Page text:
Your customers aren’t the only ones who will be affected by such a transition. Going digital could mean cutting down your employee roster. Reduced store traffic will allow you to run it with fewer personnel. Automated inventory checking and customer support programs, like chatbots, could also potentially replace more employees.

On the other hand, shifting to e-commerce could mean hiring new employees capable of handling the transition or adding new responsibilities. Are your employees ready to learn the skills involved in e-commerce? Can your organizational structure handle new additions to your employee roster?

You must determine how digitizing your business will impact employees because it will allow you to handle potential consequences.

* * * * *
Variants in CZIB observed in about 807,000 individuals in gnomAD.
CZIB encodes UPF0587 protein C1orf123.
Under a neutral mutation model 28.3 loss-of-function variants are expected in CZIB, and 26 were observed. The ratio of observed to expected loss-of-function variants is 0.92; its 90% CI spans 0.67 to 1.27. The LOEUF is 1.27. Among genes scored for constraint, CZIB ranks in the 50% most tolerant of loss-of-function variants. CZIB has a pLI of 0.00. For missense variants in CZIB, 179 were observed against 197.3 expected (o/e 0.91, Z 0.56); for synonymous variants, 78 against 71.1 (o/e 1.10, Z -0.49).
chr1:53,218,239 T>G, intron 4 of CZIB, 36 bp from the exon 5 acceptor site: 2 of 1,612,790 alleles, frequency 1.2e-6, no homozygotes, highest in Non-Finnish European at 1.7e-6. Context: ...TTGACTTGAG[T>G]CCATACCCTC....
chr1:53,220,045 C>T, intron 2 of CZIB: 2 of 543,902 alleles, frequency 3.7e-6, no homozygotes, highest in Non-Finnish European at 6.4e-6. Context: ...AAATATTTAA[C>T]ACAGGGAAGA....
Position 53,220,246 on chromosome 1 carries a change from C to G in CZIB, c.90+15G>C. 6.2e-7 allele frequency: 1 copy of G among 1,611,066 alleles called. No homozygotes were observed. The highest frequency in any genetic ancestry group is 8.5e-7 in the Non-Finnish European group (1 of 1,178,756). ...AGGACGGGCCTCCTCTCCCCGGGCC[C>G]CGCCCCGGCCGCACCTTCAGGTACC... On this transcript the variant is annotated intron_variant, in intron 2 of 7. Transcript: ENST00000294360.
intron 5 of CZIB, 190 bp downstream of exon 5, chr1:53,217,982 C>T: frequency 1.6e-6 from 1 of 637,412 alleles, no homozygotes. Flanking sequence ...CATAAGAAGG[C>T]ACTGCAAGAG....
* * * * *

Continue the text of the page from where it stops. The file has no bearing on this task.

• Is it the right time?

Launching an e-commerce store or even integrating it into your business is a time-consuming effort. Going digital isn’t a way for you to make quick money, but a long-term strategy designed to help your business survive. But you must ensure that it’s the right time for your business to make the transition.

If your business is on the ropes, you should determine if you can spare the time and resources to transition into e-commerce. If you can’t, focus on other methods of revitalizing your business. And figure out the appropriate time to begin shifting to e-commerce.

  • Do you have the patience for it?

Like any other facet of business, successful e-commerce relies on careful preparation. You need to have the patience to wait for it to pay off. If you can’t afford the wait, either because you don’t have the patience or the resources to do so, look for other ways to bring in revenue to your business.

E-Commerce and Your Customers

Once you’ve determined that it’s appropriate for your business to go digital, it’s vital that you know what customers are looking for in an e-commerce site. This information is crucial when implementing your designs and refining your business model.

Here are the most important things users need and how you can fulfill them.